Did Mitt Romney and Bain Capital help office-supply retailer Staples create 88,000 jobs? 43,000? 252? Actually, Staples probably destroyed 100,000 jobs while creating millions of new ones.
Since 1986, Staples has opened 2,000 stores, eliminating the jobs of distributors and brokers who charged nasty markups for paper and office supplies. But it enabled hundreds of thousands of small (and not so small) businesses to stock themselves cheaply and conveniently and expand their operations.
It's the same story elsewhere. Apple employs just 47,000 people, and Google under 25,000. Like Staples, they have destroyed many old jobs, like making paper maps and pink "While You Were Out" notepads. But by lowering the cost of doing business they've enabled innumerable entrepreneurs to start new businesses and employ hundreds of thousands, even millions, of workers world-wide—all while capital gets redeployed more effectively.
This process happens during every business cycle and always, always creates jobs. Yet is ignored by policy mavens.
It is now four years after the wheels fell off our financial system. The government has tried every gimmick to revive the economy: fiscal stimulus, monetary easing, loan write-downs, foreclosure modifications—all duds. It seems like no one remembers how an economy creates jobs anymore. The right answer, in fact the only answer, for jobs and better living standards, is productivity.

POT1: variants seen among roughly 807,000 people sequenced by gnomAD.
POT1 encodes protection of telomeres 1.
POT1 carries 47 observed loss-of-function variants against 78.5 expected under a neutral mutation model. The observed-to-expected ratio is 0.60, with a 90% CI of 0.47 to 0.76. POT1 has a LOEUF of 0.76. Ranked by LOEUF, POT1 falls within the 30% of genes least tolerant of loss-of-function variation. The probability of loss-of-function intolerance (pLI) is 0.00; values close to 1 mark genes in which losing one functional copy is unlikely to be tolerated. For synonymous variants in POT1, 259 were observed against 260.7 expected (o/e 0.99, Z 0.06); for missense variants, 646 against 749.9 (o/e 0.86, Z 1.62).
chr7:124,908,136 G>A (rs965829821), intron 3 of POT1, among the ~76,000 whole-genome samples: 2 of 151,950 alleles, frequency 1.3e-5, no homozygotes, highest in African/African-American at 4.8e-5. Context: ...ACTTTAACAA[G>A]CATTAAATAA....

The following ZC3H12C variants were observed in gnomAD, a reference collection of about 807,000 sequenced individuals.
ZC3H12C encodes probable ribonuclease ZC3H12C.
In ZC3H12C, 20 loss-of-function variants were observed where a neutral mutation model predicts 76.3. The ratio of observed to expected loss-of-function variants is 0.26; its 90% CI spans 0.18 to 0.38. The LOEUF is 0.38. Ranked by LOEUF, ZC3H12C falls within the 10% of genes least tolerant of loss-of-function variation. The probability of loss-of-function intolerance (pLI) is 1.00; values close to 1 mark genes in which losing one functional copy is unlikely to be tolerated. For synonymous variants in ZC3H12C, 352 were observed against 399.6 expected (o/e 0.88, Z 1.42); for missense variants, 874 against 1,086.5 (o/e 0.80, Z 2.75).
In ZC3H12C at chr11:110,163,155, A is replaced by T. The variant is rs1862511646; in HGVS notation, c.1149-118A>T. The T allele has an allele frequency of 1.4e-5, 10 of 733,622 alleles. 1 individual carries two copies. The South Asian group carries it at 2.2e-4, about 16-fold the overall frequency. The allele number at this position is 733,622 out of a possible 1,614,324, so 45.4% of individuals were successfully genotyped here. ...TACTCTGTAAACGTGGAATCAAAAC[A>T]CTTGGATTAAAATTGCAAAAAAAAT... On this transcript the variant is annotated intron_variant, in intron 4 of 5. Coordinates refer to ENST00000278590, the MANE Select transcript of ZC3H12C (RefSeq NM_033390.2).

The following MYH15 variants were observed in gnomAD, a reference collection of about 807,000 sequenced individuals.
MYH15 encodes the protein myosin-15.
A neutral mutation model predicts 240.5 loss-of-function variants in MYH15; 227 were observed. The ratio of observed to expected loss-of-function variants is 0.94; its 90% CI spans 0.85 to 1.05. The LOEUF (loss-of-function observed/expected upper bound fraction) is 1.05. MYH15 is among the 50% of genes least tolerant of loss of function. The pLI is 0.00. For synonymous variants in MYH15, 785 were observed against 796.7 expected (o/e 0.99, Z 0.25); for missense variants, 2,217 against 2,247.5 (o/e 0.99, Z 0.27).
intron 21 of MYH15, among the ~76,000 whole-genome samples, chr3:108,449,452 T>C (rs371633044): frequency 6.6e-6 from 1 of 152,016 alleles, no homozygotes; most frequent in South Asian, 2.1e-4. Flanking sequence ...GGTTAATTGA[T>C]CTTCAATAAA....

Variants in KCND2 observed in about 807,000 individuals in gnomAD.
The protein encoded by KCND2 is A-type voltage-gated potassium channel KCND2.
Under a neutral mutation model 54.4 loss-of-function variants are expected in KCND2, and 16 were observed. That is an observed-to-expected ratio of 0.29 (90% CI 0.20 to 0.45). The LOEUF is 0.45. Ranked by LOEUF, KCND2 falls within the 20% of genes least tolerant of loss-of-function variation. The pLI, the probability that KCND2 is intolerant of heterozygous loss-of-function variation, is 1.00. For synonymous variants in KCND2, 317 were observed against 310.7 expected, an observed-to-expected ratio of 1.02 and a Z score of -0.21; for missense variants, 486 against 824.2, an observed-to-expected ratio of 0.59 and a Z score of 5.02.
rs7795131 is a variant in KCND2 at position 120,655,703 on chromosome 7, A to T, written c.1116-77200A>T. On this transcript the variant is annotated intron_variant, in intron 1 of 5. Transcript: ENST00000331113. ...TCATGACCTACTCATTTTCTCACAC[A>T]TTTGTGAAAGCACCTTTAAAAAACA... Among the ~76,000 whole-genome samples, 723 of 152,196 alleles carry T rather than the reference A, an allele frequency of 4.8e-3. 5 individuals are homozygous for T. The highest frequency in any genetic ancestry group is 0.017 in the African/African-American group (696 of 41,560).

That, in a nutshell, explains the mess we're in now, a fragile economy that just can't seem to get back on track. The dunderheads we've put in charge don't grasp the most fundamental truth about capitalism, so they will keep trying one top-down government solution after another instead of just simply getting out of the way and letting American enterprise do what it knows how to do.
In fact, President Obama stopped just short of declaring war on business in a speech in which he basically said those who succeed need to get down on their knees and thank everybody else who was responsbile for their success. Actually, he should get on his knees and give praise that there are still entrepreneurs willing to take a risk despite the obvious disdain of those who should be encouraging them.
Maybe if the administration keeps going with its despicable Bain attacks, Mitt Romney will be forced to explain Bain's role to the point where a majorty of Americans rediscover capitalism and come to understand what danger the current bunch of clowns has put us in. Pig-flying time, eh?